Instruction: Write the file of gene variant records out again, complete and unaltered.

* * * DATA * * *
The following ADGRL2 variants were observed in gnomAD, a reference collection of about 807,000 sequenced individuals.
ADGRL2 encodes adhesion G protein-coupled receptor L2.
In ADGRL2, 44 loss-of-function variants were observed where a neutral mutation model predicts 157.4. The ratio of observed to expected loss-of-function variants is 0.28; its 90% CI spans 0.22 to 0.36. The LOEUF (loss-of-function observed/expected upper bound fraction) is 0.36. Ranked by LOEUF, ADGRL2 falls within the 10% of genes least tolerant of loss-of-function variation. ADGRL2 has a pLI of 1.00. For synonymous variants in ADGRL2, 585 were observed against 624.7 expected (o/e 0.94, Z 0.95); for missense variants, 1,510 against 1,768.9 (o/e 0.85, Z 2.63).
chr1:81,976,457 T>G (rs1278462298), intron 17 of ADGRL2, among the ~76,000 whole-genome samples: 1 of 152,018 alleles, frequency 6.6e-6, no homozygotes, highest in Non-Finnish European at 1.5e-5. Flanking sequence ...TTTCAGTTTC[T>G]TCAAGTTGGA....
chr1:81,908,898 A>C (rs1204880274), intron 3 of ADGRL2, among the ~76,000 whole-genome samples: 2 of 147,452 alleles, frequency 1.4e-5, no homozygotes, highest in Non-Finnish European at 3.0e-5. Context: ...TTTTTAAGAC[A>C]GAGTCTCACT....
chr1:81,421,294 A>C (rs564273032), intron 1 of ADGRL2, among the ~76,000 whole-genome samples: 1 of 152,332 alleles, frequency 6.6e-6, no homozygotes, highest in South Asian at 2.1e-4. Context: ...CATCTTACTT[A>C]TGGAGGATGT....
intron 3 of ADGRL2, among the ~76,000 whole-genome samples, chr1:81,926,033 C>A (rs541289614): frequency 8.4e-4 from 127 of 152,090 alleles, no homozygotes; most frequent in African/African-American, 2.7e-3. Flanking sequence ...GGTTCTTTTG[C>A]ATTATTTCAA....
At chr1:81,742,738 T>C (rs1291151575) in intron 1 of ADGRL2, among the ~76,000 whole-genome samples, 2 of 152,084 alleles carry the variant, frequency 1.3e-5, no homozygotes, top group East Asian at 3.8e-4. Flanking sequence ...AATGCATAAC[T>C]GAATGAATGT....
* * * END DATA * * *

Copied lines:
The following ADGRL2 variants were observed in gnomAD, a reference collection of about 807,000 sequenced individuals.
ADGRL2 encodes adhesion G protein-coupled receptor L2.
In ADGRL2, 44 loss-of-function variants were observed where a neutral mutation model predicts 157.4. The ratio of observed to expected loss-of-function variants is 0.28; its 90% CI spans 0.22 to 0.36. The LOEUF (loss-of-function observed/expected upper bound fraction) is 0.36. Ranked by LOEUF, ADGRL2 falls within the 10% of genes least tolerant of loss-of-function variation. ADGRL2 has a pLI of 1.00. For synonymous variants in ADGRL2, 585 were observed against 624.7 expected (o/e 0.94, Z 0.95); for missense variants, 1,510 against 1,768.9 (o/e 0.85, Z 2.63).
chr1:81,976,457 T>G (rs1278462298), intron 17 of ADGRL2, among the ~76,000 whole-genome samples: 1 of 152,018 alleles, frequency 6.6e-6, no homozygotes, highest in Non-Finnish European at 1.5e-5. Flanking sequence ...TTTCAGTTTC[T>G]TCAAGTTGGA....
chr1:81,908,898 A>C (rs1204880274), intron 3 of ADGRL2, among the ~76,000 whole-genome samples: 2 of 147,452 alleles, frequency 1.4e-5, no homozygotes, highest in Non-Finnish European at 3.0e-5. Context: ...TTTTTAAGAC[A>C]GAGTCTCACT....
chr1:81,421,294 A>C (rs564273032), intron 1 of ADGRL2, among the ~76,000 whole-genome samples: 1 of 152,332 alleles, frequency 6.6e-6, no homozygotes, highest in South Asian at 2.1e-4. Context: ...CATCTTACTT[A>C]TGGAGGATGT....
intron 3 of ADGRL2, among the ~76,000 whole-genome samples, chr1:81,926,033 C>A (rs541289614): frequency 8.4e-4 from 127 of 152,090 alleles, no homozygotes; most frequent in African/African-American, 2.7e-3. Flanking sequence ...GGTTCTTTTG[C>A]ATTATTTCAA....
At chr1:81,742,738 T>C (rs1291151575) in intron 1 of ADGRL2, among the ~76,000 whole-genome samples, 2 of 152,084 alleles carry the variant, frequency 1.3e-5, no homozygotes, top group East Asian at 3.8e-4. Flanking sequence ...AATGCATAAC[T>C]GAATGAATGT....